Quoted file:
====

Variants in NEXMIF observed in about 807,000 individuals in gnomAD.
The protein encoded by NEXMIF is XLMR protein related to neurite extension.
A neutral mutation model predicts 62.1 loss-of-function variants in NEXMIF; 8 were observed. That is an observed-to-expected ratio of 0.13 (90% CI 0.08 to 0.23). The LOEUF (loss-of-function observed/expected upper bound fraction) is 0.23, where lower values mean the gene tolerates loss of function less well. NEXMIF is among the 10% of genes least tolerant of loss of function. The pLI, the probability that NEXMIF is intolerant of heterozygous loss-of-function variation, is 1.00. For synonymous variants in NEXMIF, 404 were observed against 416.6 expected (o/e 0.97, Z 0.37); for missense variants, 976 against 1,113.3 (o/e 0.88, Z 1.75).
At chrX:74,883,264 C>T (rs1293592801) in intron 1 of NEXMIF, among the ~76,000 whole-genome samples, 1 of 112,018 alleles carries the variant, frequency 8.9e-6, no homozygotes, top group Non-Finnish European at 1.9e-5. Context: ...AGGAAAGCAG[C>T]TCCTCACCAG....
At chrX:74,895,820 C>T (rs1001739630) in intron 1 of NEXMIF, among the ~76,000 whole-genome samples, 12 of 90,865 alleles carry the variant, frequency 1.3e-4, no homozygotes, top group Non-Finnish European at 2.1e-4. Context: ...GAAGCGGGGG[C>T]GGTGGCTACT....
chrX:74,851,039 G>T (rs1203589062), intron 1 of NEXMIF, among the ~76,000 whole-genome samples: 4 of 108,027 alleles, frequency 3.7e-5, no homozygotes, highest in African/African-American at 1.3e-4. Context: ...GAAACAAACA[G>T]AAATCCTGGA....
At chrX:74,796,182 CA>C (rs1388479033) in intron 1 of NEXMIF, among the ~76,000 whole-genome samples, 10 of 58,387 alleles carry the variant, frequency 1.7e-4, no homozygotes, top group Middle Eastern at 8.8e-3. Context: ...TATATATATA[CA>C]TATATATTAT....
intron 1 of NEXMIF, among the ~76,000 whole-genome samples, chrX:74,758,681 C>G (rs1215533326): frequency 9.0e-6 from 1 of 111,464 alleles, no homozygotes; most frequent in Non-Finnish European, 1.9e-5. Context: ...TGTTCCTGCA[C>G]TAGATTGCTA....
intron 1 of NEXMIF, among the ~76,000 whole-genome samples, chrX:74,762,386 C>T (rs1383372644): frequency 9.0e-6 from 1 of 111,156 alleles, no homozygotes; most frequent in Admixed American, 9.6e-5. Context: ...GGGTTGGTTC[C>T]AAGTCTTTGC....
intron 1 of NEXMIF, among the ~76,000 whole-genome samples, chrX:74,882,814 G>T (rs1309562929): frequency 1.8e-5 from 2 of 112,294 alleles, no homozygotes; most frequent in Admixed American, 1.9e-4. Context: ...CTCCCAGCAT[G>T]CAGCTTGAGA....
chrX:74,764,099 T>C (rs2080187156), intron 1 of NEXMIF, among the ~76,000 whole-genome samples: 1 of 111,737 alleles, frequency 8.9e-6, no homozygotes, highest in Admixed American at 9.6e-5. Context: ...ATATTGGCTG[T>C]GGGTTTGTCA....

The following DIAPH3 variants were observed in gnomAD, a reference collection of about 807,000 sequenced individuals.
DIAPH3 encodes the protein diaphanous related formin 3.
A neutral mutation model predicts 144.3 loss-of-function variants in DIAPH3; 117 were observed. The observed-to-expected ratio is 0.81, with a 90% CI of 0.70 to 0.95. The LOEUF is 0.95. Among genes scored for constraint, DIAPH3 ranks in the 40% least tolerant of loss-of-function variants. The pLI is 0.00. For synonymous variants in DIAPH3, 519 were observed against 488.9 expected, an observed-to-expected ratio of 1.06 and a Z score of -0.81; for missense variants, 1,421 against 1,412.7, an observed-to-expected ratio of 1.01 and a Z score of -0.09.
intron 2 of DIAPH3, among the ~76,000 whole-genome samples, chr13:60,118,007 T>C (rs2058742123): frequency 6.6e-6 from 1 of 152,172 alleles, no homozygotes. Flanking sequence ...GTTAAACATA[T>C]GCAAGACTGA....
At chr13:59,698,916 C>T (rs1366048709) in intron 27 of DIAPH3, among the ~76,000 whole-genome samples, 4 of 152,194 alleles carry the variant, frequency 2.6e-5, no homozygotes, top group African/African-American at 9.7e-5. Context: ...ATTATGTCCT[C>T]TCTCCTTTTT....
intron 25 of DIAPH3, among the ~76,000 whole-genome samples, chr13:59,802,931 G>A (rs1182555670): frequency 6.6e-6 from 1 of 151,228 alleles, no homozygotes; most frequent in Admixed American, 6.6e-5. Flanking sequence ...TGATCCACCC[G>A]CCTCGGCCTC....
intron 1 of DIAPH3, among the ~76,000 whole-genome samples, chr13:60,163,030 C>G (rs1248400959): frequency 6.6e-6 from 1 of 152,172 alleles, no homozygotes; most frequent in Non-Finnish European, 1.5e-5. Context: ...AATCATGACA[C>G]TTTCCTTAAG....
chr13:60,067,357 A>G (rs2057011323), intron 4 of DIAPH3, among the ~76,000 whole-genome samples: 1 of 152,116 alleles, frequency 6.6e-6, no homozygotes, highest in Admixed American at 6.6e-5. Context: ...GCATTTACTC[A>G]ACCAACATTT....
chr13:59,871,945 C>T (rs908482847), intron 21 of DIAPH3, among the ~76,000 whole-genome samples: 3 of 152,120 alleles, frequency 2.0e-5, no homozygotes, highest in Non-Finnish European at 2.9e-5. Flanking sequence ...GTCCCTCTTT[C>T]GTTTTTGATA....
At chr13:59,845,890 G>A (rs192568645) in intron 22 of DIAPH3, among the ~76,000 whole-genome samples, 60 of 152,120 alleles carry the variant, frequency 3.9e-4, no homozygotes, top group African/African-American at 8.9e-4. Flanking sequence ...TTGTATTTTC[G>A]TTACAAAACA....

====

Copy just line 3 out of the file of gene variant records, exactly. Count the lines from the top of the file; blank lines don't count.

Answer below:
A neutral mutation model predicts 62.1 loss-of-function variants in NEXMIF; 8 were observed. That is an observed-to-expected ratio of 0.13 (90% CI 0.08 to 0.23). The LOEUF (loss-of-function observed/expected upper bound fraction) is 0.23, where lower values mean the gene tolerates loss of function less well. NEXMIF is among the 10% of genes least tolerant of loss of function. The pLI, the probability that NEXMIF is intolerant of heterozygous loss-of-function variation, is 1.00. For synonymous variants in NEXMIF, 404 were observed against 416.6 expected (o/e 0.97, Z 0.37); for missense variants, 976 against 1,113.3 (o/e 0.88, Z 1.75).